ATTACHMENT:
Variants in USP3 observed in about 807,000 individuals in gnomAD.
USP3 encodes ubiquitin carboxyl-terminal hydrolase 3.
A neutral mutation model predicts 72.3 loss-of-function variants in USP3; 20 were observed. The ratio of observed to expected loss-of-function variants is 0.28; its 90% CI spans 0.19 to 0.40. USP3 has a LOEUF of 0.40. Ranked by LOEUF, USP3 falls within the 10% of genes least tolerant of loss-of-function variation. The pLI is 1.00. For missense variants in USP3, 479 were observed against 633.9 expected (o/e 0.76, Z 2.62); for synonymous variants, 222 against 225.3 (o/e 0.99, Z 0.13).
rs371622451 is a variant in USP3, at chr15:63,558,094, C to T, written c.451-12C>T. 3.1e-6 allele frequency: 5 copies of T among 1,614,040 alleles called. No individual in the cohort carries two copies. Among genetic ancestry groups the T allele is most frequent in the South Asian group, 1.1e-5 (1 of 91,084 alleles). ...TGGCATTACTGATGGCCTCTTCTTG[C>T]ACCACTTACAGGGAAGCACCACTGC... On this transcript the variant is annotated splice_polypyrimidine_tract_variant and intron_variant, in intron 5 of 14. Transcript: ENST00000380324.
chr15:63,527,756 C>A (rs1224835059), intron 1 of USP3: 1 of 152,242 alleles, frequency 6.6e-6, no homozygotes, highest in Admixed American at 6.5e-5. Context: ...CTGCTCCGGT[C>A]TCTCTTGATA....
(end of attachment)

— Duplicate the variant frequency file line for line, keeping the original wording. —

Variants in USP3 observed in about 807,000 individuals in gnomAD.
USP3 encodes ubiquitin carboxyl-terminal hydrolase 3.
A neutral mutation model predicts 72.3 loss-of-function variants in USP3; 20 were observed. The ratio of observed to expected loss-of-function variants is 0.28; its 90% CI spans 0.19 to 0.40. USP3 has a LOEUF of 0.40. Ranked by LOEUF, USP3 falls within the 10% of genes least tolerant of loss-of-function variation. The pLI is 1.00. For missense variants in USP3, 479 were observed against 633.9 expected (o/e 0.76, Z 2.62); for synonymous variants, 222 against 225.3 (o/e 0.99, Z 0.13).
rs371622451 is a variant in USP3, at chr15:63,558,094, C to T, written c.451-12C>T. 3.1e-6 allele frequency: 5 copies of T among 1,614,040 alleles called. No individual in the cohort carries two copies. Among genetic ancestry groups the T allele is most frequent in the South Asian group, 1.1e-5 (1 of 91,084 alleles). ...TGGCATTACTGATGGCCTCTTCTTG[C>T]ACCACTTACAGGGAAGCACCACTGC... On this transcript the variant is annotated splice_polypyrimidine_tract_variant and intron_variant, in intron 5 of 14. Transcript: ENST00000380324.
chr15:63,527,756 C>A (rs1224835059), intron 1 of USP3: 1 of 152,242 alleles, frequency 6.6e-6, no homozygotes, highest in Admixed American at 6.5e-5. Context: ...CTGCTCCGGT[C>A]TCTCTTGATA....